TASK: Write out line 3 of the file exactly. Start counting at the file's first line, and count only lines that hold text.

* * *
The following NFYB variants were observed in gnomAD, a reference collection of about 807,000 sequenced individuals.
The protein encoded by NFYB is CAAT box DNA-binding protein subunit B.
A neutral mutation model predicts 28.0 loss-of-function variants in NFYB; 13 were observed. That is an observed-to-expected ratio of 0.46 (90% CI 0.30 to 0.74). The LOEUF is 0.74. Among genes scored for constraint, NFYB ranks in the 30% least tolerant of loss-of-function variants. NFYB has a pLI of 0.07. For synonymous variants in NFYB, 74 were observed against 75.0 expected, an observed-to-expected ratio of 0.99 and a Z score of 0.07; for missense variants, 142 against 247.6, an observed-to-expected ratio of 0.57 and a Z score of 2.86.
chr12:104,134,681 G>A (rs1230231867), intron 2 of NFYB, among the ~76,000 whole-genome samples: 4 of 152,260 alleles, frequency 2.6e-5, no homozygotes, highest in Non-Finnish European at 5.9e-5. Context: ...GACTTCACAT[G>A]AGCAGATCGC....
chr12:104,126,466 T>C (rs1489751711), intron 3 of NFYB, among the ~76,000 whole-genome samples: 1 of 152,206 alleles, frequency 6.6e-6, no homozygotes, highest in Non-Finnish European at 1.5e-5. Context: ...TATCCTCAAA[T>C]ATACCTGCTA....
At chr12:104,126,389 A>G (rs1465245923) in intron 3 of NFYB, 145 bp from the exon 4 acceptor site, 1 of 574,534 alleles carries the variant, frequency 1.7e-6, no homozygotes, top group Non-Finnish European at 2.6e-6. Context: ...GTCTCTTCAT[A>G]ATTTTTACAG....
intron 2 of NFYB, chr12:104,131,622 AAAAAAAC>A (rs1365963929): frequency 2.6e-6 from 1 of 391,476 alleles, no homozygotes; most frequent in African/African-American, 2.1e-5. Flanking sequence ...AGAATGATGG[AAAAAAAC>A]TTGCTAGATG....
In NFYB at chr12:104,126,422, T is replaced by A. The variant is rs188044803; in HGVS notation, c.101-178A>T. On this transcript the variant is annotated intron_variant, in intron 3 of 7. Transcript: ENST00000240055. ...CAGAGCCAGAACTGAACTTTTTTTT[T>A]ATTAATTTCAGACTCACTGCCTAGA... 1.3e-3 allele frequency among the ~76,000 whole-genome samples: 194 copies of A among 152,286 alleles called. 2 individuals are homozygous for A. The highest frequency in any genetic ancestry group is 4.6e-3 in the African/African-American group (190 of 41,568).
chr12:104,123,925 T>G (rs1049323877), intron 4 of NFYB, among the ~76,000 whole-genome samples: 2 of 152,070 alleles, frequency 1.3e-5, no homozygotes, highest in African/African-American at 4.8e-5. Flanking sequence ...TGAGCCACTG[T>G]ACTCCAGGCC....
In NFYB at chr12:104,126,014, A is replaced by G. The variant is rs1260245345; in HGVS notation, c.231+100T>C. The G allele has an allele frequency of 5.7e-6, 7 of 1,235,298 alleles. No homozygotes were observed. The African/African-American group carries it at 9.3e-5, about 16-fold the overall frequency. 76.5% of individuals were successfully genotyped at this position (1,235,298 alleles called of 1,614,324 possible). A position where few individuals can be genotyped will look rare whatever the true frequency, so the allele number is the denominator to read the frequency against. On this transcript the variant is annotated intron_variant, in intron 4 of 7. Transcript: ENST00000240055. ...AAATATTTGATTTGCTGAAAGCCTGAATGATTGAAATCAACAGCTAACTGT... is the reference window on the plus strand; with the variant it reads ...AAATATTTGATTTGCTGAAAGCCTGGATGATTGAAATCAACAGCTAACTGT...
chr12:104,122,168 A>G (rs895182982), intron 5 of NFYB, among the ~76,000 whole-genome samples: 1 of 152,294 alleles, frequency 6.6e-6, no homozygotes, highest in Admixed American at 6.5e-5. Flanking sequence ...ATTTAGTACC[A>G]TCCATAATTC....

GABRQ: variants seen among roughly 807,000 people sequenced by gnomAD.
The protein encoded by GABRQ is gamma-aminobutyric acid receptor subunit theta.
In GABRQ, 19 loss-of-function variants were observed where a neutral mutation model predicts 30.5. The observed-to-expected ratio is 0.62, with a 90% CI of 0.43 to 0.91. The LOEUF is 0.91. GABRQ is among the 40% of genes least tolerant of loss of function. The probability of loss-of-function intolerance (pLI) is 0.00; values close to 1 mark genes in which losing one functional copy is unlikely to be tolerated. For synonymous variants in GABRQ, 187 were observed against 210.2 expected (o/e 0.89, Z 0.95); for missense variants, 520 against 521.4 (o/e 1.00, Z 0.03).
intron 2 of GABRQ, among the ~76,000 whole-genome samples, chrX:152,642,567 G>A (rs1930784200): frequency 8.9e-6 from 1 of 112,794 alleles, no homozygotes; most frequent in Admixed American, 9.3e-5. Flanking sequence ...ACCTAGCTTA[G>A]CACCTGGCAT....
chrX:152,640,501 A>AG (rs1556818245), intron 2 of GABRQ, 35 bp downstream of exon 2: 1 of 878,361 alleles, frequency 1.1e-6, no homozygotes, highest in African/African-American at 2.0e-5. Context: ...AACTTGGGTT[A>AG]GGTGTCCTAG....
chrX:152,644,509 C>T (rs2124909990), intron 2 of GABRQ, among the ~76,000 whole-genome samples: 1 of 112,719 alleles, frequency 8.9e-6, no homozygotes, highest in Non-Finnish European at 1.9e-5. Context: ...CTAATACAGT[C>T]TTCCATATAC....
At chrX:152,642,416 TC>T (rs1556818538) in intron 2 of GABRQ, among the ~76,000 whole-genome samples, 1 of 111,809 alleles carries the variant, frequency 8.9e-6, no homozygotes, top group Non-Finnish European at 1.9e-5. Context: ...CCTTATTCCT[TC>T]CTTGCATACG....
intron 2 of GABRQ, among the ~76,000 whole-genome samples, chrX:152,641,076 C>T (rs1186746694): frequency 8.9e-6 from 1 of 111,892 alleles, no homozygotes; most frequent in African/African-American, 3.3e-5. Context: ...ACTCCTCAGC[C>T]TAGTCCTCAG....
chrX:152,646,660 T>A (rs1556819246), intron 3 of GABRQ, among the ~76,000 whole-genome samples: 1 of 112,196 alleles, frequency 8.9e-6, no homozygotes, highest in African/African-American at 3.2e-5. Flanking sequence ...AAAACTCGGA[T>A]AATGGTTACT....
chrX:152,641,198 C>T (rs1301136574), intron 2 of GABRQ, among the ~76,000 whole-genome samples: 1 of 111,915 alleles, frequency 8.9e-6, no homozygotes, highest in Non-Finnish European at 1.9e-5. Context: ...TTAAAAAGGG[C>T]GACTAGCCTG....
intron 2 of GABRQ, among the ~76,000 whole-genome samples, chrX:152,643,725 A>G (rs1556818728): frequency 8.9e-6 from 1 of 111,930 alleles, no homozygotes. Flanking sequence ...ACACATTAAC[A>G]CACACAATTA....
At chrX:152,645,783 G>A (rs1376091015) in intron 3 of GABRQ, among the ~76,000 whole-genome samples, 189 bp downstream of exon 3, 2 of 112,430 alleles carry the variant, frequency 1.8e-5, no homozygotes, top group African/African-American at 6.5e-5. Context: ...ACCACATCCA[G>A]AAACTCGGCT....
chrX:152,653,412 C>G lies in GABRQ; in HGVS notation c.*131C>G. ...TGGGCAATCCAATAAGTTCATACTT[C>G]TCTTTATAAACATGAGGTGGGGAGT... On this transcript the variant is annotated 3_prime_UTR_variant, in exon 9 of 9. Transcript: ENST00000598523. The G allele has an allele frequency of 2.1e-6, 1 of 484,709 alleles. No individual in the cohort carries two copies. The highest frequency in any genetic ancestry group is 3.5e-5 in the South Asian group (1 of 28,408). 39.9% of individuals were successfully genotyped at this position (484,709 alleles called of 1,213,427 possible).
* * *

A neutral mutation model predicts 28.0 loss-of-function variants in NFYB; 13 were observed. That is an observed-to-expected ratio of 0.46 (90% CI 0.30 to 0.74). The LOEUF is 0.74. Among genes scored for constraint, NFYB ranks in the 30% least tolerant of loss-of-function variants. NFYB has a pLI of 0.07. For synonymous variants in NFYB, 74 were observed against 75.0 expected, an observed-to-expected ratio of 0.99 and a Z score of 0.07; for missense variants, 142 against 247.6, an observed-to-expected ratio of 0.57 and a Z score of 2.86.